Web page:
First, check out Adam's latest publication: How the 'New GM' Can Steal from Toyota. From the abstract:
This essay explains how a 2006 court decision arising from the manufacture of the F-22 Raptor fighter jet paves the way for government-owned General Motors to steal intellectual property. In Zoltek v. U.S., the Court of Appeals for the Federal Circuit held that a loophole in the Tucker Act (28 U.S.C. § 1498) prevented owners of patented processes from suing the federal government for certain types of unauthorized uses of their patents. The Zoltek court also held that patents are not secured as constitutional "private property" under the Takings Clause of the Fifth Amendment. At the time, many judges and lawyers thought that these statutory and constitutional loopholes for patent-owners were insignificant; at worst, they argued, this benefits only military contractors and the like.
Fast forward four years and the federal government now owns the "new GM." It was inconceivable in 2006 that Uncle Sam soon would be in the business of making cars, not to mention in the businesses of banking and insurance, setting salaries of CEOs, purchasing mortgages, etc., etc.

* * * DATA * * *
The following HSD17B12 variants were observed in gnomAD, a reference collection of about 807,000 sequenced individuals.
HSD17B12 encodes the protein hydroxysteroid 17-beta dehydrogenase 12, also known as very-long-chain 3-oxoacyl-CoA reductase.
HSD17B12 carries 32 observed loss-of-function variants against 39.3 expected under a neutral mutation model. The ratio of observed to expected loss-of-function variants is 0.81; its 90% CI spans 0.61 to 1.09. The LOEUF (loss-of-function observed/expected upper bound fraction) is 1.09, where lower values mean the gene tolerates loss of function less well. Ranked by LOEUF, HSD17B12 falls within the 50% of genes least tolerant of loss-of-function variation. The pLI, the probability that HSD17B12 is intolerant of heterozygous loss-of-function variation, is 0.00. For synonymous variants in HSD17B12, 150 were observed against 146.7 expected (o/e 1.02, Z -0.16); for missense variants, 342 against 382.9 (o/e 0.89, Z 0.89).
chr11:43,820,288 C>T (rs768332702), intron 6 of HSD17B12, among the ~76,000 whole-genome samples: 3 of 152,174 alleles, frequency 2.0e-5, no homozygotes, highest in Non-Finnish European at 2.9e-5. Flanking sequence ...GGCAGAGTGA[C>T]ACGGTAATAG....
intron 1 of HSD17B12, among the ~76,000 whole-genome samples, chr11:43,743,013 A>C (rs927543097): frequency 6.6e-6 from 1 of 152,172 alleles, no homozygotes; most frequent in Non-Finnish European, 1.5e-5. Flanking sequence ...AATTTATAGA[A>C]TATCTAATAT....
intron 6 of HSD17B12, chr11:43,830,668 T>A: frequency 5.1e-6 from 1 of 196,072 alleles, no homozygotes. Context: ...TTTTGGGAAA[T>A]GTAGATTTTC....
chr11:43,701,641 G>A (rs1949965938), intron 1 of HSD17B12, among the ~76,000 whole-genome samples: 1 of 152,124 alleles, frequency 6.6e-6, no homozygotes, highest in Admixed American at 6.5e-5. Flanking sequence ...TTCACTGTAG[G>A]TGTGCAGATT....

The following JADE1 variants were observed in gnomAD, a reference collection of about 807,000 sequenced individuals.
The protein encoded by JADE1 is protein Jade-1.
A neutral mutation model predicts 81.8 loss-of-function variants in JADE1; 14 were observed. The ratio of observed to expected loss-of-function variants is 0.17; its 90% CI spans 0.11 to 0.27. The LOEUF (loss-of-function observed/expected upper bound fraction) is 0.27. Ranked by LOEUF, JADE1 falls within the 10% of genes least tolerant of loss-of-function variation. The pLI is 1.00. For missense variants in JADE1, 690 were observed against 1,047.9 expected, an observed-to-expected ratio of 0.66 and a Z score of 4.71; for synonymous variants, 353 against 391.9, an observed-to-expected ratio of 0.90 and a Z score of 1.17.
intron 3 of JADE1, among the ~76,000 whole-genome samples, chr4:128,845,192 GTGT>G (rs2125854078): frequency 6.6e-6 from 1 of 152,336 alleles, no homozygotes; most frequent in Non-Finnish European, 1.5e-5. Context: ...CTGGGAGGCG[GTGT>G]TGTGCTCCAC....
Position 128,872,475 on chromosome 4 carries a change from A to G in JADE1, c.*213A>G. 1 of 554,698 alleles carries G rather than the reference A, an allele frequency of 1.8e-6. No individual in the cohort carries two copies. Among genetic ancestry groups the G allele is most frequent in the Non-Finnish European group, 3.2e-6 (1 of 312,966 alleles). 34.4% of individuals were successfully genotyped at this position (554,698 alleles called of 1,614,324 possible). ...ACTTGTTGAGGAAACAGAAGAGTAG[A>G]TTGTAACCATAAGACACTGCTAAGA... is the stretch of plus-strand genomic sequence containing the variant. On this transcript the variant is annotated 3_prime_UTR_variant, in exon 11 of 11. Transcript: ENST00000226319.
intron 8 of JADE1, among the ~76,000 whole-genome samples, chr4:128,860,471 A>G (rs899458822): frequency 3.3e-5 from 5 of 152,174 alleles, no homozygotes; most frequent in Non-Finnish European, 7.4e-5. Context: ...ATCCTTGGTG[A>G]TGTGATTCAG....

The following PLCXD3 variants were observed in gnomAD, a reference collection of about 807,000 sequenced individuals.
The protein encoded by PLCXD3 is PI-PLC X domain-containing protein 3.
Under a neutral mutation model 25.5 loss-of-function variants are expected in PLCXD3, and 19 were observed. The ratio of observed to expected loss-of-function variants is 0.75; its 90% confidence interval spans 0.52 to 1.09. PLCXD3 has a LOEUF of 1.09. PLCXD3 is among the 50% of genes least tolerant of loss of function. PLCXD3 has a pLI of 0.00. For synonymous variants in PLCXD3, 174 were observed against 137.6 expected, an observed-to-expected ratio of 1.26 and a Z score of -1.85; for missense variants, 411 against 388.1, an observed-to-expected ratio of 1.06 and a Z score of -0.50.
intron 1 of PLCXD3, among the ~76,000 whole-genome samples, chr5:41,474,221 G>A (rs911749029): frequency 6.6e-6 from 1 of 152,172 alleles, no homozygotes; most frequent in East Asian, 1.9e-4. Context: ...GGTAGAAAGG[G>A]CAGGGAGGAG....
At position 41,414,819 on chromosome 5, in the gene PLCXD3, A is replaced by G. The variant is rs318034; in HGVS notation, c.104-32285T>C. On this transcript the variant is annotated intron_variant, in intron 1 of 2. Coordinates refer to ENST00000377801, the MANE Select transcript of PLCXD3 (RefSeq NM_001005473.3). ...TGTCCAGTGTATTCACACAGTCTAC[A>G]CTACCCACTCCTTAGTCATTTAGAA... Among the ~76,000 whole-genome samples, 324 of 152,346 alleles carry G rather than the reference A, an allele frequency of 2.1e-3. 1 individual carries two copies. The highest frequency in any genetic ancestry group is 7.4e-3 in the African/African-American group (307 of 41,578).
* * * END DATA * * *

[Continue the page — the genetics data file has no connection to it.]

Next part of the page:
The only part of that I would take issue with is the word "inconceivable." I do not think that word means what he think it means (heh!). Ayn Rand certainly conceived of it. But seriously, if the idea of reading an article in a law journal scares you, give this one a chance - it's short and easy to read. (Click "one-click-download" at the top of the screen to get the full article.)
Next, we have Harry Binswanger's excellent article on the Tea Party Movement. This is the best statement I've read anywhere about the Tea Party because Dr. Binswanger does the opposite of what most journalists do: he essentializes. I've been struggling to get to the heart of the Tea Party myself, and this article helped to clarify my thinking a great deal. (It also includes a great list of the best Tea Party demonstration signs!) I've come to agree with Dr. Binswanger that:
... Objectivists should recognize and value what is a startling, unprecedented phenomenon: the rise, in an eyeblink, of a pro-freedom, pro-American, avowedly *individualistic* political movement--a movement friendly to Ayn Rand, favorable to Atlas Shrugged, and popularizing the phrase "Who is John Galt?"